Depression and anxiety during pregnancy and six months postpartum: a follow-up study

Acta Obstet Gynecol Scand. 2006;85(8):937-44. doi: 10.1080/00016340600697652.


Aims: To investigate the relationship between antenatal and postpartum depression and anxiety and to explore associated maternal characteristics.

Methods: From a population-based sample of 1,555 women attending two obstetric clinics in Sweden, all women with an antenatal psychiatric diagnosis (n = 220) and a random selection of healthy women (n = 500) were contacted for a second assessment three to six months postpartum. The Primary Care Evaluation of Mental Disorders was used for evaluation on both occasions.

Results: Fewer cases of depressive and/or anxiety disorders were prevalent postpartum compared with the second trimester screening. Depression and/or anxiety were prevalent in 16.5% of postpartal women versus 29.2% of pregnant women. There was a significant shift from a majority of subthreshold diagnoses during pregnancy to full Diagnostic and Statistical Manual of Mental Disorders (Fourth Edition) diagnoses during the postpartum period. A history of previous psychiatric disorder, living single, and obesity were significantly associated with a new-onset postpartum psychiatric disorder. The absence of a previous psychiatric disorder was significantly associated with a postpartum recovery of depression or anxiety.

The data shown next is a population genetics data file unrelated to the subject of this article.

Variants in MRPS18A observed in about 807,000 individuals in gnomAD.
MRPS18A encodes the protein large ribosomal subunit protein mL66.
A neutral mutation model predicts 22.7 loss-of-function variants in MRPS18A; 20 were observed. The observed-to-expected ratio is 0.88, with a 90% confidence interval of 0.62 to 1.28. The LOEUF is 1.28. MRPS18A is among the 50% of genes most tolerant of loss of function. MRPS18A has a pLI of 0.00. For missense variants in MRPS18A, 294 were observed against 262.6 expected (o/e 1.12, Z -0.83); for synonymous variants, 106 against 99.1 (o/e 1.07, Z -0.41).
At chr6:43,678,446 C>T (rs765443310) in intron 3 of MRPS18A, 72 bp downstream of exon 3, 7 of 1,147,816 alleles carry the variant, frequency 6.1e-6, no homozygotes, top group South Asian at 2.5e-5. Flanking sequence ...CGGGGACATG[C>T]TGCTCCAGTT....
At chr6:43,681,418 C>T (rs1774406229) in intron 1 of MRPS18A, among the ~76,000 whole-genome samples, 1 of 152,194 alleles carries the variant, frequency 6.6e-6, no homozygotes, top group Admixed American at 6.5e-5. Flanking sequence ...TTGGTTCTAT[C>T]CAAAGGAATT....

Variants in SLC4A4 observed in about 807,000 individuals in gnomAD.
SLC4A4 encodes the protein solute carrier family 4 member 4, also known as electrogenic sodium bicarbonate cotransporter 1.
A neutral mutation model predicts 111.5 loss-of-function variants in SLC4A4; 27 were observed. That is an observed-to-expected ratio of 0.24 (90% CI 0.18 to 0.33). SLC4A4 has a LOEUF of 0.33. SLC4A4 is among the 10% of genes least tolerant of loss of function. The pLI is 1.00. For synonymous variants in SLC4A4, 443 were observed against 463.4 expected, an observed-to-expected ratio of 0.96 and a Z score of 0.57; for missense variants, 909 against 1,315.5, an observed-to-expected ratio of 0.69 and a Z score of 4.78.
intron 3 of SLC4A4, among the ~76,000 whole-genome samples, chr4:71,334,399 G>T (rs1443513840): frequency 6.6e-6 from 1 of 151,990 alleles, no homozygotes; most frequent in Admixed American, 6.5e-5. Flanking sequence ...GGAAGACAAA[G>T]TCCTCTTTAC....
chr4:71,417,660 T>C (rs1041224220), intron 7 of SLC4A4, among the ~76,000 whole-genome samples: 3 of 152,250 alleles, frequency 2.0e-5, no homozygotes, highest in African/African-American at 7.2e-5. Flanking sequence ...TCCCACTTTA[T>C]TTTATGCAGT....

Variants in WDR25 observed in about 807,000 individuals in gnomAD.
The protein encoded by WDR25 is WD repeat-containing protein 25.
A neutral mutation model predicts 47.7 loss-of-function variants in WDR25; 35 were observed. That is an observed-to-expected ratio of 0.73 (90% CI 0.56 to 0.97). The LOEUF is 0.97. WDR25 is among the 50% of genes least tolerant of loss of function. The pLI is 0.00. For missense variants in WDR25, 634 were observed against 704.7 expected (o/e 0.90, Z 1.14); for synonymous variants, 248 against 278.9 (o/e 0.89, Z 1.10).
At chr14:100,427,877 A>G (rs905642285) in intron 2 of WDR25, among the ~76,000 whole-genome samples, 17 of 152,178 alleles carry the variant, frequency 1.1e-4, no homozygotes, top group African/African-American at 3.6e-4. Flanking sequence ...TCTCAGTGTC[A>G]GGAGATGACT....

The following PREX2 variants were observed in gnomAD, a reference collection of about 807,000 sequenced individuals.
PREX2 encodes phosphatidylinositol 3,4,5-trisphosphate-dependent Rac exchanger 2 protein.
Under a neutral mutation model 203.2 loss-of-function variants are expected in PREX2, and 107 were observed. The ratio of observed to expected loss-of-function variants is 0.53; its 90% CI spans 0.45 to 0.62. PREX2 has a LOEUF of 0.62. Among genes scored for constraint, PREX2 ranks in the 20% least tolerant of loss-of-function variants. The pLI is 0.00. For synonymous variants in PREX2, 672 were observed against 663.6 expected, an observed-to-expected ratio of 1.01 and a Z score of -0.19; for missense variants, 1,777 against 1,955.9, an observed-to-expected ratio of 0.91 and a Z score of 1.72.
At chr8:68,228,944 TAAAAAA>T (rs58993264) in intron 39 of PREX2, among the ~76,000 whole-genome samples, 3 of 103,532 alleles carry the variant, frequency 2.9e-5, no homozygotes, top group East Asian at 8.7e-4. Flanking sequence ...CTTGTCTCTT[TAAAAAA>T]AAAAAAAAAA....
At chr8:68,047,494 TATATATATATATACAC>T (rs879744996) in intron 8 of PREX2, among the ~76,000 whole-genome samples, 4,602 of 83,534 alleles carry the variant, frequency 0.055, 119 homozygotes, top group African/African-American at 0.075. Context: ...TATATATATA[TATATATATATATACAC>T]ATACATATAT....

Conclusions: Depression and anxiety appear to be less common postpartum than during pregnancy.

MeSH terms

  • Adult
  • Anxiety Disorders / epidemiology*
  • Case-Control Studies
  • Depression, Postpartum / epidemiology*
  • Depressive Disorder / epidemiology*
  • Female
  • Follow-Up Studies
  • Humans
  • Pregnancy
  • Pregnancy Complications / epidemiology*
  • Prevalence
  • Sweden / epidemiology